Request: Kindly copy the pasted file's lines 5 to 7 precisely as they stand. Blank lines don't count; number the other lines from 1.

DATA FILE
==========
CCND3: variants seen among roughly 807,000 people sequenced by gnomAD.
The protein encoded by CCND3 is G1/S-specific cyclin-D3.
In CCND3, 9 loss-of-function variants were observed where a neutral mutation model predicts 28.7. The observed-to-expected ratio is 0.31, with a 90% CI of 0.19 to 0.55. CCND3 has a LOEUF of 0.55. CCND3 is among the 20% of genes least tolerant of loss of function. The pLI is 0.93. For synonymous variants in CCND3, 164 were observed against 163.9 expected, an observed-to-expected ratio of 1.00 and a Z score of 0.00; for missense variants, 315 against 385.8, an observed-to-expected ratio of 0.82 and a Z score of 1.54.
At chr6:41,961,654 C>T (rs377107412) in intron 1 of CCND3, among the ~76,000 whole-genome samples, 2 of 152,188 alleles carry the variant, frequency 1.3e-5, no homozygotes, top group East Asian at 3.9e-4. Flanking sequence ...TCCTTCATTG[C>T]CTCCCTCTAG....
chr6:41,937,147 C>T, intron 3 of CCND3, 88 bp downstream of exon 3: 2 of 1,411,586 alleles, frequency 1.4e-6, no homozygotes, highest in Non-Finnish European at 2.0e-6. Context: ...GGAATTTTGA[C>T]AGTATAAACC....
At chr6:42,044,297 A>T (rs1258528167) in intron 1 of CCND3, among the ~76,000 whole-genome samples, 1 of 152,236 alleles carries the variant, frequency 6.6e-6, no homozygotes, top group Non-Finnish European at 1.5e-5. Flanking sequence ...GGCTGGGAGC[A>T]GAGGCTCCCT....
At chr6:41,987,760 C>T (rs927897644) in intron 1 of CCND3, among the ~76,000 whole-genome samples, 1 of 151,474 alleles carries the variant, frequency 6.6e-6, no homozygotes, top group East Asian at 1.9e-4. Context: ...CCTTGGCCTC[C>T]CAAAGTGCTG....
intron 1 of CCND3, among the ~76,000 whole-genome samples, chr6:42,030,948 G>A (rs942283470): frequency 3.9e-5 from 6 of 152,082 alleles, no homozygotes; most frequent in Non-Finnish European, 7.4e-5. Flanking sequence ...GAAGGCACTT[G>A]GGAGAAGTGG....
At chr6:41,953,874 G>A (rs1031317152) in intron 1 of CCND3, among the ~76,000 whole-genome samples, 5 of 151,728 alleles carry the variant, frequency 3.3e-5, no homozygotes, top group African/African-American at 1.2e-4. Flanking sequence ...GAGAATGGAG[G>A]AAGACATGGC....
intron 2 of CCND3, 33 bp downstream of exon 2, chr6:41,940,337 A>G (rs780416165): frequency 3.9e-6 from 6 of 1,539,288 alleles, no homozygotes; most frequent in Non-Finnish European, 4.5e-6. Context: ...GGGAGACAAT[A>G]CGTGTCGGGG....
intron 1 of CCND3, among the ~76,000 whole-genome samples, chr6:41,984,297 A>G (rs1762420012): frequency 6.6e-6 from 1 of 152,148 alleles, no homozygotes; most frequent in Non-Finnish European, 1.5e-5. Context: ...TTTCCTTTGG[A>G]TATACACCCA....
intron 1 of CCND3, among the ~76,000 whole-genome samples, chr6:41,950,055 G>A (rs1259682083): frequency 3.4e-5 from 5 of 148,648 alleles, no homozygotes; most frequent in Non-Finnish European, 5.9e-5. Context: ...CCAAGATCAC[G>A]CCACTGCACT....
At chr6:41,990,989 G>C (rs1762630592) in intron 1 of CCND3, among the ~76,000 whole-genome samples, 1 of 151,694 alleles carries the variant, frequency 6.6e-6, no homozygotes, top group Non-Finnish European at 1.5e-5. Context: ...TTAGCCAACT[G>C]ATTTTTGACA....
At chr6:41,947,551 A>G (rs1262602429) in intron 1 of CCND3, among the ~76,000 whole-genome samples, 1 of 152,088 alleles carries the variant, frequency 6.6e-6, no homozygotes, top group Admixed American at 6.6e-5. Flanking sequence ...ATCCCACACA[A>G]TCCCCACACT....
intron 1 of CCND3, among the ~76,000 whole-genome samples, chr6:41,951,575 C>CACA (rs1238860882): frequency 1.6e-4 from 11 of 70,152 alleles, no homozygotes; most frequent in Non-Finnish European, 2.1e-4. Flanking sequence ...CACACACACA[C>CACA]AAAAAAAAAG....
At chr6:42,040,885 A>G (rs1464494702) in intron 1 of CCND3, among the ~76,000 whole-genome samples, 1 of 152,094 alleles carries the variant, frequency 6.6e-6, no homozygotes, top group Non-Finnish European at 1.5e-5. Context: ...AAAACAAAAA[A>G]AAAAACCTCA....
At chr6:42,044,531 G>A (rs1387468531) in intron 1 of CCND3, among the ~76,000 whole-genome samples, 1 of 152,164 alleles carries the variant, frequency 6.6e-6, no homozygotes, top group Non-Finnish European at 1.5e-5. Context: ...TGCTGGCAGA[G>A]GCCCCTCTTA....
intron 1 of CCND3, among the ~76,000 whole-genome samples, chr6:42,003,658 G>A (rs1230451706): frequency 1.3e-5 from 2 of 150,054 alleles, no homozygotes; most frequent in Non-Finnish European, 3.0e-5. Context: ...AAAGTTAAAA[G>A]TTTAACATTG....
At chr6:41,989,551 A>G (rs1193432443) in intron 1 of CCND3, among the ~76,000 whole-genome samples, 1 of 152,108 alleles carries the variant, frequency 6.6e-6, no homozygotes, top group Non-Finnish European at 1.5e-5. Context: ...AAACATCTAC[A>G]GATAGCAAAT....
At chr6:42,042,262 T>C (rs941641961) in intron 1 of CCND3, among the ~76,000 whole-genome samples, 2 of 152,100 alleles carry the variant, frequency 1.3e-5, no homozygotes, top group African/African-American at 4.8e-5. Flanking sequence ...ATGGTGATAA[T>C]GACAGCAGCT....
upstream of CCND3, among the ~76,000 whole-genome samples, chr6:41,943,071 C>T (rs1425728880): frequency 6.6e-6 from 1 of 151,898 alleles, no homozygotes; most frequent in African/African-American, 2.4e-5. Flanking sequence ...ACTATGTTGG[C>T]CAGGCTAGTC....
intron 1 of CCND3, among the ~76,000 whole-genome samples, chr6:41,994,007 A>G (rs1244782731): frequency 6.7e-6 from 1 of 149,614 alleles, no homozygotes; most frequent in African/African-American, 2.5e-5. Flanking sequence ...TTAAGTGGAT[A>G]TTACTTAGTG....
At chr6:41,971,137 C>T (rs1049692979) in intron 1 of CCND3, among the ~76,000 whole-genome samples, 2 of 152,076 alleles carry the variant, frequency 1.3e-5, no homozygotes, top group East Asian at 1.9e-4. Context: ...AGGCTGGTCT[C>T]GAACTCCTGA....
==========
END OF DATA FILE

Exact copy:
chr6:41,937,147 C>T, intron 3 of CCND3, 88 bp downstream of exon 3: 2 of 1,411,586 alleles, frequency 1.4e-6, no homozygotes, highest in Non-Finnish European at 2.0e-6. Context: ...GGAATTTTGA[C>T]AGTATAAACC....
At chr6:42,044,297 A>T (rs1258528167) in intron 1 of CCND3, among the ~76,000 whole-genome samples, 1 of 152,236 alleles carries the variant, frequency 6.6e-6, no homozygotes, top group Non-Finnish European at 1.5e-5. Flanking sequence ...GGCTGGGAGC[A>T]GAGGCTCCCT....
At chr6:41,987,760 C>T (rs927897644) in intron 1 of CCND3, among the ~76,000 whole-genome samples, 1 of 151,474 alleles carries the variant, frequency 6.6e-6, no homozygotes, top group East Asian at 1.9e-4. Context: ...CCTTGGCCTC[C>T]CAAAGTGCTG....